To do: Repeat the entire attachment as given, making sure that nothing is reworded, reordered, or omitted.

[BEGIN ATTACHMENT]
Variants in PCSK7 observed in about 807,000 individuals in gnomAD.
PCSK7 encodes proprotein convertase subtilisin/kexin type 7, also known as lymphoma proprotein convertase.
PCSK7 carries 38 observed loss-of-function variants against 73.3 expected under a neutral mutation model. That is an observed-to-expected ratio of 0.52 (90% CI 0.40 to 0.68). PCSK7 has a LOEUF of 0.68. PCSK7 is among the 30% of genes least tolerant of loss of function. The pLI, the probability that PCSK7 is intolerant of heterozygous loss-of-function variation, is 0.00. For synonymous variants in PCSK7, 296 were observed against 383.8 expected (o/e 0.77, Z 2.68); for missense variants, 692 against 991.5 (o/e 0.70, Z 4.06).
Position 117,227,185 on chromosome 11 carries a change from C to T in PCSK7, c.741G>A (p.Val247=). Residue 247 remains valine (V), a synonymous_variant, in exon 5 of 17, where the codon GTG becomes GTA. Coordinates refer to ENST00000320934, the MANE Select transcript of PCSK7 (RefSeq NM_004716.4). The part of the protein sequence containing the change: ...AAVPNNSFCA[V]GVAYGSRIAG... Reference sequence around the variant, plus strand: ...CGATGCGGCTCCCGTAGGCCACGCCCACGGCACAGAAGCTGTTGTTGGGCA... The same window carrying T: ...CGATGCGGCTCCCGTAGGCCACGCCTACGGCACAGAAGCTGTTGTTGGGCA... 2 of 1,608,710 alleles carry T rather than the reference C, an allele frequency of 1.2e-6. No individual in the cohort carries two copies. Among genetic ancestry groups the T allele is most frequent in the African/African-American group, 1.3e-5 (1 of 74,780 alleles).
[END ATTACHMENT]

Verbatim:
Variants in PCSK7 observed in about 807,000 individuals in gnomAD.
PCSK7 encodes proprotein convertase subtilisin/kexin type 7, also known as lymphoma proprotein convertase.
PCSK7 carries 38 observed loss-of-function variants against 73.3 expected under a neutral mutation model. That is an observed-to-expected ratio of 0.52 (90% CI 0.40 to 0.68). PCSK7 has a LOEUF of 0.68. PCSK7 is among the 30% of genes least tolerant of loss of function. The pLI, the probability that PCSK7 is intolerant of heterozygous loss-of-function variation, is 0.00. For synonymous variants in PCSK7, 296 were observed against 383.8 expected (o/e 0.77, Z 2.68); for missense variants, 692 against 991.5 (o/e 0.70, Z 4.06).
Position 117,227,185 on chromosome 11 carries a change from C to T in PCSK7, c.741G>A (p.Val247=). Residue 247 remains valine (V), a synonymous_variant, in exon 5 of 17, where the codon GTG becomes GTA. Coordinates refer to ENST00000320934, the MANE Select transcript of PCSK7 (RefSeq NM_004716.4). The part of the protein sequence containing the change: ...AAVPNNSFCA[V]GVAYGSRIAG... Reference sequence around the variant, plus strand: ...CGATGCGGCTCCCGTAGGCCACGCCCACGGCACAGAAGCTGTTGTTGGGCA... The same window carrying T: ...CGATGCGGCTCCCGTAGGCCACGCCTACGGCACAGAAGCTGTTGTTGGGCA... 2 of 1,608,710 alleles carry T rather than the reference C, an allele frequency of 1.2e-6. No individual in the cohort carries two copies. Among genetic ancestry groups the T allele is most frequent in the African/African-American group, 1.3e-5 (1 of 74,780 alleles).